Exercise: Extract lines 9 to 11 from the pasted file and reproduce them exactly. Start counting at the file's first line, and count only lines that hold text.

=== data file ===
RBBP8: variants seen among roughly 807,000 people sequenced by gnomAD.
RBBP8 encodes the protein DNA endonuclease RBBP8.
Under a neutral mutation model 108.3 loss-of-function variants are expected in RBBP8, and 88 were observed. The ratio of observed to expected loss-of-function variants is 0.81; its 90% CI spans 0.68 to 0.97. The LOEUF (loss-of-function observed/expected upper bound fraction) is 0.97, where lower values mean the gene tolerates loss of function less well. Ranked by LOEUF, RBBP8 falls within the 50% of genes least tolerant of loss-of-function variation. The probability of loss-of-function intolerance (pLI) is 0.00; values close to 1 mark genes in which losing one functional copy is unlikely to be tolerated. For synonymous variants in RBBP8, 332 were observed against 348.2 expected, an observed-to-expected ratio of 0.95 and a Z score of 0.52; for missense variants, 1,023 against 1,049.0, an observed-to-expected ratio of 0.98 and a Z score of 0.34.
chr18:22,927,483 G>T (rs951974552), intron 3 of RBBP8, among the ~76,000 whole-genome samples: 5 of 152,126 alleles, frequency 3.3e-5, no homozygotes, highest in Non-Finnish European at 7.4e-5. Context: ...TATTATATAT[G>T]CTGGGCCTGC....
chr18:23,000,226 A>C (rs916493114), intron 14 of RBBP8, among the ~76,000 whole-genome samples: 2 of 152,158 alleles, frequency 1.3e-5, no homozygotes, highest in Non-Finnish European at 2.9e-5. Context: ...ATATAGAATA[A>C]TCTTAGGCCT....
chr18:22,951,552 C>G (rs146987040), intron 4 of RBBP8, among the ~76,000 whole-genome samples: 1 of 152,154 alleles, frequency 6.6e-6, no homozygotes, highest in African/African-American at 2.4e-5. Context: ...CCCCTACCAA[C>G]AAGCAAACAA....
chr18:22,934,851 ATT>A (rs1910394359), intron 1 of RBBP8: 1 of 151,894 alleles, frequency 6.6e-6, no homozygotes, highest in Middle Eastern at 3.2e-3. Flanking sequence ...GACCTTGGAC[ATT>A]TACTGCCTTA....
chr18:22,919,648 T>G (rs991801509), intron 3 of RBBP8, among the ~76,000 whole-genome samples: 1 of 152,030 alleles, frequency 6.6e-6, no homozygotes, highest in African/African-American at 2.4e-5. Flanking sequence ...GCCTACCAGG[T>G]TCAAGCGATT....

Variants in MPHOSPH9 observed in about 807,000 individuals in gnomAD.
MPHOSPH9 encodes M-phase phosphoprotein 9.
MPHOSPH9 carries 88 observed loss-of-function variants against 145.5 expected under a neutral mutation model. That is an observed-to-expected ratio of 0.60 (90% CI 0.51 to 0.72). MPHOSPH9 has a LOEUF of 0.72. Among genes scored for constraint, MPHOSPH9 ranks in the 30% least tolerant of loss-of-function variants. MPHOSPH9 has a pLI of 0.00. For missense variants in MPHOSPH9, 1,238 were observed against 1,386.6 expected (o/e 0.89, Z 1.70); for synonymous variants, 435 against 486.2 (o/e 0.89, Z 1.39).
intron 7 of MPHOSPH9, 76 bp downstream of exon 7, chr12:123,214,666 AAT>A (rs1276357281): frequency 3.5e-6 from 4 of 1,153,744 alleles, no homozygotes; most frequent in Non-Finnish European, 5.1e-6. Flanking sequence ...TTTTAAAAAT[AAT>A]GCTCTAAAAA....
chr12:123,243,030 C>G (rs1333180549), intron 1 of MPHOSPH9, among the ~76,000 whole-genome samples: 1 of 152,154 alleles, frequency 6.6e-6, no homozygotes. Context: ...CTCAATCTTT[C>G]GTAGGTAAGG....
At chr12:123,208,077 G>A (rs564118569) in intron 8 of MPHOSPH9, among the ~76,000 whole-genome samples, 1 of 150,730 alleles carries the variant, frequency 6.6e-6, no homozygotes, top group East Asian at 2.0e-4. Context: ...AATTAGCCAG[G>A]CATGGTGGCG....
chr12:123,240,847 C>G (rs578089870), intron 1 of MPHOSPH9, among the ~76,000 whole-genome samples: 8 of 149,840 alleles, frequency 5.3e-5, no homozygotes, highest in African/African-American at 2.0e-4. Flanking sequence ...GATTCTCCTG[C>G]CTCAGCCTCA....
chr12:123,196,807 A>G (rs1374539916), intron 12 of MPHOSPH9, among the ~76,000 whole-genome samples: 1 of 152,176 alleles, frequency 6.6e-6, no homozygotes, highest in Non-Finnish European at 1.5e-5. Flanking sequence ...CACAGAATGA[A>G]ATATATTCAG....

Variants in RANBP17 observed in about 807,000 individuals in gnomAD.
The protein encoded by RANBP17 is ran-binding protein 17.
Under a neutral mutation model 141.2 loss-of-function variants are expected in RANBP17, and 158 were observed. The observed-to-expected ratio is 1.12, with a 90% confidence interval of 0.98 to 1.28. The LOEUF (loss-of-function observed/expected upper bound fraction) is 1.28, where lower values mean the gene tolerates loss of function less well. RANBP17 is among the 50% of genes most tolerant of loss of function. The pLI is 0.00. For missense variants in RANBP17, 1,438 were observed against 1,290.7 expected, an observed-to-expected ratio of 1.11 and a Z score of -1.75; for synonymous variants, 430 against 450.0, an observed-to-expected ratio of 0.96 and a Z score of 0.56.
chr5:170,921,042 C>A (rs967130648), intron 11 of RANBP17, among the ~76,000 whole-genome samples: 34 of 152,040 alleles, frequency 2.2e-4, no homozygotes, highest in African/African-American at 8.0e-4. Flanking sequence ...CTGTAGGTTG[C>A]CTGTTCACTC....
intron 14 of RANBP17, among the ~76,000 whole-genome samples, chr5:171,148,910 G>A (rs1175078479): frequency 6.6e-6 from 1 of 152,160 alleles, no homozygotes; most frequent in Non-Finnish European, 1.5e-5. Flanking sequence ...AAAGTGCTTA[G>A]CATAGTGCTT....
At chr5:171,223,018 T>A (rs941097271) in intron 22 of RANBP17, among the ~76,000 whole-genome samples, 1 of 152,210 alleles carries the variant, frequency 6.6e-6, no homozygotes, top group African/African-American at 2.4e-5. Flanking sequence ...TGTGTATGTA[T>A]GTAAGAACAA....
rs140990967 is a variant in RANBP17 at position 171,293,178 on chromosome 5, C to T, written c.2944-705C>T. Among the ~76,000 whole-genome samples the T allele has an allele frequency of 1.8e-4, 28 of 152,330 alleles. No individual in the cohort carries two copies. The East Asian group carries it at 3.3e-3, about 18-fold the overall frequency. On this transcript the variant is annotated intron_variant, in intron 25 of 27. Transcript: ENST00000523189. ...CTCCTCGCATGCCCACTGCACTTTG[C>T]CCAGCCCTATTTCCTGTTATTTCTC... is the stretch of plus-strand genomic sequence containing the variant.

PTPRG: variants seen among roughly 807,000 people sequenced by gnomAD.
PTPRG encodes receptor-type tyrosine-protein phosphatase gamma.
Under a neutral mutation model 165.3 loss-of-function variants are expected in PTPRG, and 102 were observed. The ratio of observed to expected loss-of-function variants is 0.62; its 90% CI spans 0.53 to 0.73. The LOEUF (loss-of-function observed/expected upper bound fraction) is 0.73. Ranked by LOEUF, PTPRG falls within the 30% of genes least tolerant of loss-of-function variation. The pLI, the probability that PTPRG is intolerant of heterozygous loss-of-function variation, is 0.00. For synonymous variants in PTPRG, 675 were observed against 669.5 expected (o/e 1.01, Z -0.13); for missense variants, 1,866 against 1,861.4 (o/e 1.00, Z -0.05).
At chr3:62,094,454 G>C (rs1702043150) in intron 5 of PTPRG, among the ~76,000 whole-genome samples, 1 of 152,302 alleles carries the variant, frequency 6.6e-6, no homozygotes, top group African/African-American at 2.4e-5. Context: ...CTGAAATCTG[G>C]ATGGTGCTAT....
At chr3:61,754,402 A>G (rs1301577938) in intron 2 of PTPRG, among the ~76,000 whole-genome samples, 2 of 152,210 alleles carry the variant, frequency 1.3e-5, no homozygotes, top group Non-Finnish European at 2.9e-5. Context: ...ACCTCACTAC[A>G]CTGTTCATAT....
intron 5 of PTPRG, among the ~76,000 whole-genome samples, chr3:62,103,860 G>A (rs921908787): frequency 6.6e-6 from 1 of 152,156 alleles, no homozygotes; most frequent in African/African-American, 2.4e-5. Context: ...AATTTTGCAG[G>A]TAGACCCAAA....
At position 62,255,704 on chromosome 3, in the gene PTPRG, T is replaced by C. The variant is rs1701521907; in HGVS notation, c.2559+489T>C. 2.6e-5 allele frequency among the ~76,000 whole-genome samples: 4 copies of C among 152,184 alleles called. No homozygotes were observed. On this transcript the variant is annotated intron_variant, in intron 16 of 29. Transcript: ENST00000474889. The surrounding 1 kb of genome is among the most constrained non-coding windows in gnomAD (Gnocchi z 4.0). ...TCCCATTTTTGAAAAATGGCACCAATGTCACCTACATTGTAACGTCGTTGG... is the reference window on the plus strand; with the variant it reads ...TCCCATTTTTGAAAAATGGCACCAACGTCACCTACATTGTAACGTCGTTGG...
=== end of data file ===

Variants in MPHOSPH9 observed in about 807,000 individuals in gnomAD.
MPHOSPH9 encodes M-phase phosphoprotein 9.
MPHOSPH9 carries 88 observed loss-of-function variants against 145.5 expected under a neutral mutation model. That is an observed-to-expected ratio of 0.60 (90% CI 0.51 to 0.72). MPHOSPH9 has a LOEUF of 0.72. Among genes scored for constraint, MPHOSPH9 ranks in the 30% least tolerant of loss-of-function variants. MPHOSPH9 has a pLI of 0.00. For missense variants in MPHOSPH9, 1,238 were observed against 1,386.6 expected (o/e 0.89, Z 1.70); for synonymous variants, 435 against 486.2 (o/e 0.89, Z 1.39).